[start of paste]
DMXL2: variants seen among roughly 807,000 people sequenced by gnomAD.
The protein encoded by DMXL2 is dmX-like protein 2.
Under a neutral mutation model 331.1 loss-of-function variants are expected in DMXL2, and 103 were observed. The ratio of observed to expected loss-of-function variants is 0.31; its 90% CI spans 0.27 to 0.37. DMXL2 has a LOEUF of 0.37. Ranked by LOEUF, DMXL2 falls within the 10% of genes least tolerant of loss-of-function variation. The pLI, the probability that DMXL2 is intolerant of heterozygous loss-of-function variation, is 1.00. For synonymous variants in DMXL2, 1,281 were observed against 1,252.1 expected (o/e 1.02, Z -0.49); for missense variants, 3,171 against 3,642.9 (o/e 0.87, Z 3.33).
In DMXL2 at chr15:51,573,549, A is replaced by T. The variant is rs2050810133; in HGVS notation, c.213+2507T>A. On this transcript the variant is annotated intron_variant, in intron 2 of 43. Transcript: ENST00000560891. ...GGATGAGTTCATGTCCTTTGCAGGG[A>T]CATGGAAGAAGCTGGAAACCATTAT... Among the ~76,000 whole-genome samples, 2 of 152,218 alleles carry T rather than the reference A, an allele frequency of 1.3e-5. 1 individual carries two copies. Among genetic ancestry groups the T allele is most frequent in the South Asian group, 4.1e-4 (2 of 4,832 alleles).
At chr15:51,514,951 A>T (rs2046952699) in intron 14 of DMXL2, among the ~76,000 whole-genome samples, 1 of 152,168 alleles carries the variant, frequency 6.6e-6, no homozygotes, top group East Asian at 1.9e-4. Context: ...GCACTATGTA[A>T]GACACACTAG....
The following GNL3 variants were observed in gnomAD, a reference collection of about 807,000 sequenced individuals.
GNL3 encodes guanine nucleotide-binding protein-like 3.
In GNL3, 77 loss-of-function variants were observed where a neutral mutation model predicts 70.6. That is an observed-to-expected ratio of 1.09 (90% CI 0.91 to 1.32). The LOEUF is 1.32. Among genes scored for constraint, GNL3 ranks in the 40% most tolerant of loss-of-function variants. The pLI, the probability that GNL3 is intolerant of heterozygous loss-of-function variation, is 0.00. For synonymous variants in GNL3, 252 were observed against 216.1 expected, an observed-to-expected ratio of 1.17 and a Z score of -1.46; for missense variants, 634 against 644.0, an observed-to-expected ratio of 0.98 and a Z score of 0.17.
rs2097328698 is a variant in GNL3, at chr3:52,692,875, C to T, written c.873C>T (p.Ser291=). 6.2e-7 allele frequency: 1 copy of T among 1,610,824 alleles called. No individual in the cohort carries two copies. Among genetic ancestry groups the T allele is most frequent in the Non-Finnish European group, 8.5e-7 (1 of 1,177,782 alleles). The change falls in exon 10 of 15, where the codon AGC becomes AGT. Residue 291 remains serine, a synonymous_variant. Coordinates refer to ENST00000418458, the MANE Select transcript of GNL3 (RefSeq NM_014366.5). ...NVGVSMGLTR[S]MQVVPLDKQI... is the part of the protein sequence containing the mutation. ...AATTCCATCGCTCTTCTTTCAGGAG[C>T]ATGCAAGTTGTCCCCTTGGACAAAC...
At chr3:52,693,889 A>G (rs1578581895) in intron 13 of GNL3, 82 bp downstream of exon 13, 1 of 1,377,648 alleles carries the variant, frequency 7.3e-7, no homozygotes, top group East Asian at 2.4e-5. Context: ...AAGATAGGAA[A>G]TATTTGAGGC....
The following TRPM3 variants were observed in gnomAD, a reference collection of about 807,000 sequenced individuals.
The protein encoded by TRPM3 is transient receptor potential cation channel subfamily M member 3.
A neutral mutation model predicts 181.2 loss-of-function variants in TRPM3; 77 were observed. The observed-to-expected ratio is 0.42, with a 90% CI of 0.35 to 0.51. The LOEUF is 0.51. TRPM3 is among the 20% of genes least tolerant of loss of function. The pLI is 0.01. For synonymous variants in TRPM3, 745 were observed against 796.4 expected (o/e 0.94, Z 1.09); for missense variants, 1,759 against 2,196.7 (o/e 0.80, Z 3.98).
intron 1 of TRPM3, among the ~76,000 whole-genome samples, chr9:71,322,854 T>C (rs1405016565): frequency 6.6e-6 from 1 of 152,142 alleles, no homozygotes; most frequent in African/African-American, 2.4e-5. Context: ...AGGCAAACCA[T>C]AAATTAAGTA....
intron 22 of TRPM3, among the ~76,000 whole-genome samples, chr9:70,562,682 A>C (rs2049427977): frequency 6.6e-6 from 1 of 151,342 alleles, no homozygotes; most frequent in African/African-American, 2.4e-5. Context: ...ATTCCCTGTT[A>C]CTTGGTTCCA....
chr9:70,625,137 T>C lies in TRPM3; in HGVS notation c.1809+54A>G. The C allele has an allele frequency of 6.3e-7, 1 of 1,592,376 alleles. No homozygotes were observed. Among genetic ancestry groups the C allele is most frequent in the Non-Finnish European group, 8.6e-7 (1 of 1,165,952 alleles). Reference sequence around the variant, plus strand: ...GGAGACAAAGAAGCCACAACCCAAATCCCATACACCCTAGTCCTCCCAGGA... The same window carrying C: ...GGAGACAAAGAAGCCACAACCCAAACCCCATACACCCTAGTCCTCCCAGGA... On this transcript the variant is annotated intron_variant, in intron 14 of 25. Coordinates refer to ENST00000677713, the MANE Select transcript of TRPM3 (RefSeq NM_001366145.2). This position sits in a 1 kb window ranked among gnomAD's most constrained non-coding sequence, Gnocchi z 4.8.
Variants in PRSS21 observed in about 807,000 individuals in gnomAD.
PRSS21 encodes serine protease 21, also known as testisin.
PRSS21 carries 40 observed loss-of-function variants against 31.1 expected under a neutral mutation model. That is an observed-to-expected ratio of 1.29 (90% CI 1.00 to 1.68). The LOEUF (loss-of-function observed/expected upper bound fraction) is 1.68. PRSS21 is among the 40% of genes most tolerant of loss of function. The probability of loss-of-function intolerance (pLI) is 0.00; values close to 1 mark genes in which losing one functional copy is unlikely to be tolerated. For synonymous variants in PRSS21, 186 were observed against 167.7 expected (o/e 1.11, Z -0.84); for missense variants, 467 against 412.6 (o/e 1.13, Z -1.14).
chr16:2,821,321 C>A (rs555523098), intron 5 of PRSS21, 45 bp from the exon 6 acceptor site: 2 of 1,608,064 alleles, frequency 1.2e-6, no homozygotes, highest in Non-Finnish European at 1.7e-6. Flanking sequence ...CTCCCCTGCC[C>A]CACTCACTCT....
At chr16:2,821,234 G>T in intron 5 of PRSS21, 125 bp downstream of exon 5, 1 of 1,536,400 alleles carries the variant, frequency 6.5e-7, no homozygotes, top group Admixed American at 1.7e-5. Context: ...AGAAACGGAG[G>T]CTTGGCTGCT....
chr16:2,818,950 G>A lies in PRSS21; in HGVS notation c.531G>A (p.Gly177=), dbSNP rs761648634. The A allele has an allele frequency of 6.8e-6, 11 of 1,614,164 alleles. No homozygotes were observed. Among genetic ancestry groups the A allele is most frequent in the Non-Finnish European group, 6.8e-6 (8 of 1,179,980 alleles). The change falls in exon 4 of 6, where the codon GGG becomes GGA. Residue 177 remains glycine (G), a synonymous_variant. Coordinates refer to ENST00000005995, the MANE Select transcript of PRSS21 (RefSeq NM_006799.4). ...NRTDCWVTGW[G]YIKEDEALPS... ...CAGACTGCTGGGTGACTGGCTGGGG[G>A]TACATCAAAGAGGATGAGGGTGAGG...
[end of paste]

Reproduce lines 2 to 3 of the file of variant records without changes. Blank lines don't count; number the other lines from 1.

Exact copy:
The protein encoded by DMXL2 is dmX-like protein 2.
Under a neutral mutation model 331.1 loss-of-function variants are expected in DMXL2, and 103 were observed. The ratio of observed to expected loss-of-function variants is 0.31; its 90% CI spans 0.27 to 0.37. DMXL2 has a LOEUF of 0.37. Ranked by LOEUF, DMXL2 falls within the 10% of genes least tolerant of loss-of-function variation. The pLI, the probability that DMXL2 is intolerant of heterozygous loss-of-function variation, is 1.00. For synonymous variants in DMXL2, 1,281 were observed against 1,252.1 expected (o/e 1.02, Z -0.49); for missense variants, 3,171 against 3,642.9 (o/e 0.87, Z 3.33).